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You can’t pick out the pieces you like and leave the rest.

Being part of the whole thing, that’s the blessing.

—Natalie Babbit, Tuck Everlasting

What We Understand about Literacy Instruction

Literacy is typically understood as the ability to read and write. The contemporary 21st century definition of literacy has grown to include the ability to gain information, understand that information, and communicate that understanding effectively.

The most effective literacy learning in elementary school is the result of essential, simultaneous instruction in three key areas in the elementary curricula: reading, writing and word study, all fueled by collaboration and conversation.

In each elementary classroom, during each day, you will find students engaging in literacy learning within and across these three integral disciplines. This inter-relationship underlies our fundamental approach to instruction. When all three points on this instructional triangle hold equal weight, and teachers demonstrate for students how learning in one discipline supports their learning in the other disciplines, students emerge from elementary school prepared to lead literate lives.

How We Teach Literacy

In Mamaroneck, we use a balanced literacy approach to instruction. This approach uses a workshop methodology that integrates the literacy instructional practices described above:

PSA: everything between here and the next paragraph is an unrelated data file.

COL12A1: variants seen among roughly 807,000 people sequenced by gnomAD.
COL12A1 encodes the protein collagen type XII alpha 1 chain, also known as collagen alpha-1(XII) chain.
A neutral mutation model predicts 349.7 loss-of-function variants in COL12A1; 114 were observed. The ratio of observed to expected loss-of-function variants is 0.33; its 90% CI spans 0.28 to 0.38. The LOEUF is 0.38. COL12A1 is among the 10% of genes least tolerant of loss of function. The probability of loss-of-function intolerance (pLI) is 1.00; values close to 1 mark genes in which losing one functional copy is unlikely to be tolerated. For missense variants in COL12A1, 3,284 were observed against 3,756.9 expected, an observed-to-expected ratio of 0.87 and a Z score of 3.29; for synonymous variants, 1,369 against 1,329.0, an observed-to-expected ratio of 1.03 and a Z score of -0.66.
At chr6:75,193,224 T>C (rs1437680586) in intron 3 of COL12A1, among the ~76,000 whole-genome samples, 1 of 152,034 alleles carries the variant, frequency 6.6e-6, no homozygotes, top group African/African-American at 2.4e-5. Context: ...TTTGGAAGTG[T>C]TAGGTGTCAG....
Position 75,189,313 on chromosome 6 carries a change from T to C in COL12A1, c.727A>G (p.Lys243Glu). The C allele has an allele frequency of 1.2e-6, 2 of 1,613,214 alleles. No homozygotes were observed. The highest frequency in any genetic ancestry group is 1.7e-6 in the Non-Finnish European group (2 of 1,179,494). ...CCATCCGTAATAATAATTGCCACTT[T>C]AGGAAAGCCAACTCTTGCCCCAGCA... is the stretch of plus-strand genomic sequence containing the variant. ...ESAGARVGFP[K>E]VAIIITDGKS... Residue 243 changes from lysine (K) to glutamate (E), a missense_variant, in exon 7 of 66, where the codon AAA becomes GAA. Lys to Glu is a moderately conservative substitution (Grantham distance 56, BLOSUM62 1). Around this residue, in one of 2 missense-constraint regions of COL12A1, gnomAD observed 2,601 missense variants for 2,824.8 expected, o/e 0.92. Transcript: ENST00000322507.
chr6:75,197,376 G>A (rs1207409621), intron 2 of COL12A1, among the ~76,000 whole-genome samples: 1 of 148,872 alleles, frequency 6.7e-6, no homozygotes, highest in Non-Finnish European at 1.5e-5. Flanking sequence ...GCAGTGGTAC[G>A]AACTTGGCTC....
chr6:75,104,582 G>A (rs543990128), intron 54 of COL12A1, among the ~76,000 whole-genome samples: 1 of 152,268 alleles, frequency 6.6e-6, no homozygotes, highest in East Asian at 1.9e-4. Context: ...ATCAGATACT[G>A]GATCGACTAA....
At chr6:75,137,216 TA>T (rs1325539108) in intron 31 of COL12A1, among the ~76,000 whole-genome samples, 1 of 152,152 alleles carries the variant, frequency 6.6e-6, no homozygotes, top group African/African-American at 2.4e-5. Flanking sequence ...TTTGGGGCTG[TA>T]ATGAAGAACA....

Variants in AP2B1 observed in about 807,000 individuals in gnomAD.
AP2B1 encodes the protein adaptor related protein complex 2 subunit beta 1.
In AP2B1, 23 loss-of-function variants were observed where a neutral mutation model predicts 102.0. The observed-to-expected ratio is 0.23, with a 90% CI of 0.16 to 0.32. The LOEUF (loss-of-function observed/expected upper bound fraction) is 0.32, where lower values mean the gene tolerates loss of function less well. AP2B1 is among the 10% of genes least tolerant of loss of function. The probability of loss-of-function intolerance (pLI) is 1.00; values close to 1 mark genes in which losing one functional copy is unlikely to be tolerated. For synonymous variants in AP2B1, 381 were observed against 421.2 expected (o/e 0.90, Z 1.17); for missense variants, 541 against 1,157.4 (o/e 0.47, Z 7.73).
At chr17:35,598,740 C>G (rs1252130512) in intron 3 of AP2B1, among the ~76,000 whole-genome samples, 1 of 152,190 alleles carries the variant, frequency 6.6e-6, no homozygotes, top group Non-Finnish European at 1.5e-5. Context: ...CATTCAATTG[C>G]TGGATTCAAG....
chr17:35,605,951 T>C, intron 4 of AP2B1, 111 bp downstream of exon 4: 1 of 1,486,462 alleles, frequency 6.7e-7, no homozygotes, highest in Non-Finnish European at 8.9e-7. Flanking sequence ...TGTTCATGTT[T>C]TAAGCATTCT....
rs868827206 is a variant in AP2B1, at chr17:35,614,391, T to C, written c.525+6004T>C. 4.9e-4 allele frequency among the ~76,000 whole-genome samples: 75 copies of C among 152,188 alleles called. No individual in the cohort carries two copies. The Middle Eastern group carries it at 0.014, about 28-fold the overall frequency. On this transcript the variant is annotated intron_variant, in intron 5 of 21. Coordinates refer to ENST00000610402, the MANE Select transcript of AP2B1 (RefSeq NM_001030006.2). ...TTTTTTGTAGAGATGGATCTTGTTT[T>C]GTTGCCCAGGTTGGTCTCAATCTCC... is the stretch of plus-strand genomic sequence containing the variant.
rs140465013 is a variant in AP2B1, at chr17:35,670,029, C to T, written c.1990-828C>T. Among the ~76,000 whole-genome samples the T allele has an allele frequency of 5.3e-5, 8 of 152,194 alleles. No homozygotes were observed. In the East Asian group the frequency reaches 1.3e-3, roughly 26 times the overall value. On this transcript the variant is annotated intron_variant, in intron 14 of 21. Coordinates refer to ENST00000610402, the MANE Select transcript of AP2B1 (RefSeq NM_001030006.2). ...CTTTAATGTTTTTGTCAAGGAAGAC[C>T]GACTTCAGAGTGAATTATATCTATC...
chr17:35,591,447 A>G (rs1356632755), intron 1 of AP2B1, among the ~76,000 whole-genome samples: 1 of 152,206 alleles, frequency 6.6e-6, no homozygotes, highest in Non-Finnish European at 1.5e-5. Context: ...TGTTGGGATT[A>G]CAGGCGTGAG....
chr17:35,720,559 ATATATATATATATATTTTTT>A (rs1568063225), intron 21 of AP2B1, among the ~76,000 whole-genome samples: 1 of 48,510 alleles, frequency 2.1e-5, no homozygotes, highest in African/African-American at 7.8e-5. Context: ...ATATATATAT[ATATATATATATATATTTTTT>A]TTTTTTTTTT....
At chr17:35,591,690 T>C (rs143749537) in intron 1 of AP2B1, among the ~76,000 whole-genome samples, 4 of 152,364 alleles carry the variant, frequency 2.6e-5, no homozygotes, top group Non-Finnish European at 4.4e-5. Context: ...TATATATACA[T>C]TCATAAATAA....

• Reading Workshop includes opportunities for read aloud, shared reading, guided reading and independent reading.
  • Writing Workshop includes opportunities for shared writing, interactive writing, guided writing and independent writing.
  • Word Work instruction focuses on helping students become fluent readers and writers.

All three components provide students with explicit instruction modeled by the teacher, opportunities for rehearsal and checks for understanding, and then independent practice. These effective practices include ongoing assessment and evaluation to monitor student progress and to inform planning and differentiated instruction through whole class, small group and individualized teaching. In a balanced literacy curriculum, reading, writing and word study are not compartmentalized but rather combined to support student learning. The goal for all students is to develop the essential skills and habits of lifelong readers and writers.

How We Support Our Teachers in Literacy Instruction

In Mamaroneck, teachers are supported by administrators and a trio of peer leaders: our literacy ambassador who is responsible for enriching our classroom libraries and meeting the needs of all of our readers, our literacy coach, who supports her colleagues by providing meaningful professional development matched to their needs, and our RTI coach, whose job it is to strengthen the program designed to identify and support students with learning and behavior needs. The ongoing goals for all three of these literacy leaders is to build professional capacity and community while promoting student growth and achievement in reading and writing.